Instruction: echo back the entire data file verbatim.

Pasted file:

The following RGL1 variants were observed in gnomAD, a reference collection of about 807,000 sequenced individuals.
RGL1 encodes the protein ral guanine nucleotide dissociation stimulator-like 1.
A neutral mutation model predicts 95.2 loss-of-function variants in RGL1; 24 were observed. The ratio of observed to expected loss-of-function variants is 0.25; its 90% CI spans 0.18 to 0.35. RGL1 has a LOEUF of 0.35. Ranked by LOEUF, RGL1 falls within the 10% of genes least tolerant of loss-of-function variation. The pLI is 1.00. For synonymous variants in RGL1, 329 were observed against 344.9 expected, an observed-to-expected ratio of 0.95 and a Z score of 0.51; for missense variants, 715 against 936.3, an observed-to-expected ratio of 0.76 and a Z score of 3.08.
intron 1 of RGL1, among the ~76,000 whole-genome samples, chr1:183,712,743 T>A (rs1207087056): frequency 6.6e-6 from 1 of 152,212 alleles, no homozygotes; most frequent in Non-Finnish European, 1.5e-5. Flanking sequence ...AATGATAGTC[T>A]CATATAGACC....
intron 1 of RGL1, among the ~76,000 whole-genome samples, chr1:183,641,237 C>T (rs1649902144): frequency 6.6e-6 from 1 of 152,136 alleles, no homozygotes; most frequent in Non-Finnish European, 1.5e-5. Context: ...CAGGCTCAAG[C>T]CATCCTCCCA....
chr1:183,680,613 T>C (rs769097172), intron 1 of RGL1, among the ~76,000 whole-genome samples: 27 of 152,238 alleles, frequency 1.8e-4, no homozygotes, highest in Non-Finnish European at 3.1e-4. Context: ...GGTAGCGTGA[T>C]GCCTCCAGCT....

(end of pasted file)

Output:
The following RGL1 variants were observed in gnomAD, a reference collection of about 807,000 sequenced individuals.
RGL1 encodes the protein ral guanine nucleotide dissociation stimulator-like 1.
A neutral mutation model predicts 95.2 loss-of-function variants in RGL1; 24 were observed. The ratio of observed to expected loss-of-function variants is 0.25; its 90% CI spans 0.18 to 0.35. RGL1 has a LOEUF of 0.35. Ranked by LOEUF, RGL1 falls within the 10% of genes least tolerant of loss-of-function variation. The pLI is 1.00. For synonymous variants in RGL1, 329 were observed against 344.9 expected, an observed-to-expected ratio of 0.95 and a Z score of 0.51; for missense variants, 715 against 936.3, an observed-to-expected ratio of 0.76 and a Z score of 3.08.
intron 1 of RGL1, among the ~76,000 whole-genome samples, chr1:183,712,743 T>A (rs1207087056): frequency 6.6e-6 from 1 of 152,212 alleles, no homozygotes; most frequent in Non-Finnish European, 1.5e-5. Flanking sequence ...AATGATAGTC[T>A]CATATAGACC....
intron 1 of RGL1, among the ~76,000 whole-genome samples, chr1:183,641,237 C>T (rs1649902144): frequency 6.6e-6 from 1 of 152,136 alleles, no homozygotes; most frequent in Non-Finnish European, 1.5e-5. Context: ...CAGGCTCAAG[C>T]CATCCTCCCA....
chr1:183,680,613 T>C (rs769097172), intron 1 of RGL1, among the ~76,000 whole-genome samples: 27 of 152,238 alleles, frequency 1.8e-4, no homozygotes, highest in Non-Finnish European at 3.1e-4. Context: ...GGTAGCGTGA[T>C]GCCTCCAGCT....